The measure would not take effect until 2016, giving industry more than a year to comply. This should give industry plenty of time to get up to speed on the law's requirements.

Wednesday, October 8, 2014

Oregon's Measure 91: Legalizing Marijuana

This ballot measure is as close to a no-brainer as anything on the ballot. Our draconian drug laws have made the U.S. the laughingstock of the world. We imprison our citizens at a higher rate than any other country on this planet; having only 5% of the population, we nevertheless have 25% of the world's prisoners, and most are there because of the stupid drug laws.

Millions of lives have been ruined because of drug convictions. And these drug laws result in persons of color being arrested and imprisoned at far higher rates than whites, even though the rates of drug use among different ethnic groups is comparable.

Legalizing marijuana is a useful first step in reforming our ridiculous drug laws. Washington and Colorado have proven that legalizing marijuana can be undertaken in a responsible manner. There is really no good reason to oppose this measure, and it needs to be passed overwhelmingly. Let the police work on catching real criminals, and leave the weed smokers alone!

Oregon's Measure 88: The Driver Card Initiative

Measure 88 would allow persons who cannot prove they are in the U.S. legally to nonetheless be issued driver cards by the state. The knee-jerk right-wing reaction is to oppose measures such as this, and Portland radio talk show host Lars Larson is strident in his adamant opposition. He has made the point that the TSA would accept these cards as ID's at the airport.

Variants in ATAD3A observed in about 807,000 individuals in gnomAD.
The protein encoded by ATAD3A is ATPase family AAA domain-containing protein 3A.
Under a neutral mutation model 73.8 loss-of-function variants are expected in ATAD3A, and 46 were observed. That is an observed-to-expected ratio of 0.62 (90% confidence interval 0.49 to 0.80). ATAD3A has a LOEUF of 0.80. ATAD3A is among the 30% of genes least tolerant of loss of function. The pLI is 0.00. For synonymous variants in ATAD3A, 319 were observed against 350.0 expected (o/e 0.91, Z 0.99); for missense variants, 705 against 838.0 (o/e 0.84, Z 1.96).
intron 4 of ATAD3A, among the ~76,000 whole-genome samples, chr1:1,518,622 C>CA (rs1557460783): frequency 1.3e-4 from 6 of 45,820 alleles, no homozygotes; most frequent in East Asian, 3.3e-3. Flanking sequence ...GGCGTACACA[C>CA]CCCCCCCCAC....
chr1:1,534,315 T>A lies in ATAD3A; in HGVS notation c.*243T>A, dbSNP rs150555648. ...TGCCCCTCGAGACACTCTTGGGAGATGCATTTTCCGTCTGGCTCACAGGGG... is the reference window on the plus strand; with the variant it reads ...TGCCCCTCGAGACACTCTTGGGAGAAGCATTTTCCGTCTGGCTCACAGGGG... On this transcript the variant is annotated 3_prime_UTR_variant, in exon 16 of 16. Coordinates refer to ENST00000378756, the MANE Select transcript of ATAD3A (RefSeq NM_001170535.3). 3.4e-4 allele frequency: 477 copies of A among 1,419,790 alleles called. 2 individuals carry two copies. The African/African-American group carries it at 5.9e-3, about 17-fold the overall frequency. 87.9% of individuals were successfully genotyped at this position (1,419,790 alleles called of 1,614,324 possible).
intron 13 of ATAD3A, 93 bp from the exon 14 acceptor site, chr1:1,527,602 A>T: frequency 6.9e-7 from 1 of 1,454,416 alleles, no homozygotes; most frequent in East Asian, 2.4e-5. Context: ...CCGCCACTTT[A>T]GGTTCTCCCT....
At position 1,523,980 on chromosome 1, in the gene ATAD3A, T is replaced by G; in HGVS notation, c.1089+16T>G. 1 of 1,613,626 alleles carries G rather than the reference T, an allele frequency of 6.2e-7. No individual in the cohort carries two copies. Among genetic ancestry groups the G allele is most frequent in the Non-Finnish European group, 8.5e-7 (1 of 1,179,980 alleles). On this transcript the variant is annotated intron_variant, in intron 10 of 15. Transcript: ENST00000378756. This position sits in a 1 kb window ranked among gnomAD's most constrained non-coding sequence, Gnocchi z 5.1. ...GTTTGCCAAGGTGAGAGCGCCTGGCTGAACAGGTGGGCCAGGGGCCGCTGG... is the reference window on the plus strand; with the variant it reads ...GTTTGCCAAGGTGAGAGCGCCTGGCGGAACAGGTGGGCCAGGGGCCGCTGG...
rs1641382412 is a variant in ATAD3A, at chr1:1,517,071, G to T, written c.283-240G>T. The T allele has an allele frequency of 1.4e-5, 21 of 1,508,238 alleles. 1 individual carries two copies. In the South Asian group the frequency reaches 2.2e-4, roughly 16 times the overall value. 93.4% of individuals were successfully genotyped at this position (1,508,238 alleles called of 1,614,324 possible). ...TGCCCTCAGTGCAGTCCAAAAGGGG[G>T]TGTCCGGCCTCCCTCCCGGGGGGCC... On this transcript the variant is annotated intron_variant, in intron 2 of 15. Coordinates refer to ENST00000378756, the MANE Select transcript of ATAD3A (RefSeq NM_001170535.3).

While the ballot measure itself says this is not the case, it appears that Larson is right and that the TSA will indeed accept these cards for ID purposes. My reaction to this is, so what? It does not mean these people will be allowed to fly, it just means that the TSA will have a way to properly identify who is trying to board our planes. The TSA operates under federal law, not state law, and under the doctrine of preemption federal law supersedes state law.

Oregonians should vote for this common-sense measure, which is in the tradition of Oregon as a forward-thinking, humane state.

Oregon's Measure 90: The Open Primary

This measure, on November's ballot  in Oregon, would allow everybody to receive the same ballot in primary elections, and the top two would then go on to face each other in the general election. It is on the ballot as the result of a citizen's initiative, and is a rarity among citizen's initiatives in that the purpose is not to further the private goals of some special interest group, but rather, to make the election process more fair and democratic for all.